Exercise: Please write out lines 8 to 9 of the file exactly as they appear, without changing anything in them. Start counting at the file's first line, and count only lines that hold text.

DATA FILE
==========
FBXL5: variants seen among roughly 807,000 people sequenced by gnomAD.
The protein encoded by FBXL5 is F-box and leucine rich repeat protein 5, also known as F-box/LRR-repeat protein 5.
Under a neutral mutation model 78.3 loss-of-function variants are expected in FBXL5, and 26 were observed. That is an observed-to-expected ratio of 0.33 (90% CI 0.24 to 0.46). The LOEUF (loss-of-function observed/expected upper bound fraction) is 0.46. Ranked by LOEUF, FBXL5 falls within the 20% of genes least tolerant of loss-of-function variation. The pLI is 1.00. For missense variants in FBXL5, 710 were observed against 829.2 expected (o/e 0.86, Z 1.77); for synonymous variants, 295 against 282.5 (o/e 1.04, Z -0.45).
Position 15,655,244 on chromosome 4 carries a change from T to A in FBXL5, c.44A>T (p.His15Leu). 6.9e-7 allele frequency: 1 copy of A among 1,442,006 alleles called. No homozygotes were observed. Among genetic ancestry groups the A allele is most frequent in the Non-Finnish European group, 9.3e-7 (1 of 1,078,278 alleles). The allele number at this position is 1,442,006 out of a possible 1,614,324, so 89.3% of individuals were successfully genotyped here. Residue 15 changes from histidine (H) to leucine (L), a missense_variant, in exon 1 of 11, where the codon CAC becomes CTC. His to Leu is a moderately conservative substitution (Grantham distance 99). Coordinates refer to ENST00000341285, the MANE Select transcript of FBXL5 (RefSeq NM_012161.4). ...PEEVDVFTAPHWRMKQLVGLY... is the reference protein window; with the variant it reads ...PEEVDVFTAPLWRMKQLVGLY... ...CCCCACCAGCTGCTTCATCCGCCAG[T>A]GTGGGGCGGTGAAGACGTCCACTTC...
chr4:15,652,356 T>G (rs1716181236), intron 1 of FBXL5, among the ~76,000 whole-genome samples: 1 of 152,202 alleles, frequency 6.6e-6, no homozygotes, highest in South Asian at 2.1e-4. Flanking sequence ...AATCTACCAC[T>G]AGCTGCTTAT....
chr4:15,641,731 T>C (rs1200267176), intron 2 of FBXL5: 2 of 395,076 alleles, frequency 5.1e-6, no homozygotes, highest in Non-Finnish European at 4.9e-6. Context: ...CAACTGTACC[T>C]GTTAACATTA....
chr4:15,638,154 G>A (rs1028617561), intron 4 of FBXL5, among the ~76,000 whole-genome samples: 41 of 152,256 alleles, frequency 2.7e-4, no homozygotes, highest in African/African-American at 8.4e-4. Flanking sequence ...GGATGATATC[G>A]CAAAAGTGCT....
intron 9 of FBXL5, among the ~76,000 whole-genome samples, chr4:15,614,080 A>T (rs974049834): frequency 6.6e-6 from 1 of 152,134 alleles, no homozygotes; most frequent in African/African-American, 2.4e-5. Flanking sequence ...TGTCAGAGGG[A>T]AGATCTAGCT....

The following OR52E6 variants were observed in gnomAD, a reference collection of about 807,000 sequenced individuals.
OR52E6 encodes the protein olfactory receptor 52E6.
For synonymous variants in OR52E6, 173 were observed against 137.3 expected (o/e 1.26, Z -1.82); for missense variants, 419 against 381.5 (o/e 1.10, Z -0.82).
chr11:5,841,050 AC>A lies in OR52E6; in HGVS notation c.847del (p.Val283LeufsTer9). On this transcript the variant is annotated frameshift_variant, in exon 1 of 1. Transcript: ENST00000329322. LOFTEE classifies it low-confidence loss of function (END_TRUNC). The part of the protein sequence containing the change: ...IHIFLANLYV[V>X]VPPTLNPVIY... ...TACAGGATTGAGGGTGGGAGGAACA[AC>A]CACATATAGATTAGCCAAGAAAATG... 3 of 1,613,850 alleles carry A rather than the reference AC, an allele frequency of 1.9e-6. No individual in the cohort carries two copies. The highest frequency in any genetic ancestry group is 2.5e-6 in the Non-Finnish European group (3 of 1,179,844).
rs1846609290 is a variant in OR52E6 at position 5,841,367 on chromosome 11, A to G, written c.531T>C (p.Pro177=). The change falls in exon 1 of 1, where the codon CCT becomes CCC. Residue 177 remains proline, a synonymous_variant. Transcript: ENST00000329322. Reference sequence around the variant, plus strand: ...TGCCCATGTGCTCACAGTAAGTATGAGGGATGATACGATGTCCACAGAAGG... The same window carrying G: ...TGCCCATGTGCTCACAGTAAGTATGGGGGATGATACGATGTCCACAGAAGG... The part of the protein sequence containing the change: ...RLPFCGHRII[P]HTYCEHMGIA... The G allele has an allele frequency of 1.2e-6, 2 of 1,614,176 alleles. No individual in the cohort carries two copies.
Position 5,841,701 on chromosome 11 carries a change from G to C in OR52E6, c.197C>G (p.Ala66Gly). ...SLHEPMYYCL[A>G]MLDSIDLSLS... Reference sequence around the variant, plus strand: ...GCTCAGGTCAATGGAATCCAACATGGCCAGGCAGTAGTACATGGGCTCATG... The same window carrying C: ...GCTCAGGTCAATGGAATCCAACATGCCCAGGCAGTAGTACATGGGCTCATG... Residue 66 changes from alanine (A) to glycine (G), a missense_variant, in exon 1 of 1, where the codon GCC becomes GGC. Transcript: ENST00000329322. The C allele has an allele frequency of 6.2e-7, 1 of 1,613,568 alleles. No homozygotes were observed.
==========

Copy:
intron 9 of FBXL5, among the ~76,000 whole-genome samples, chr4:15,614,080 A>T (rs974049834): frequency 6.6e-6 from 1 of 152,134 alleles, no homozygotes; most frequent in African/African-American, 2.4e-5. Flanking sequence ...TGTCAGAGGG[A>T]AGATCTAGCT....

The following OR52E6 variants were observed in gnomAD, a reference collection of about 807,000 sequenced individuals.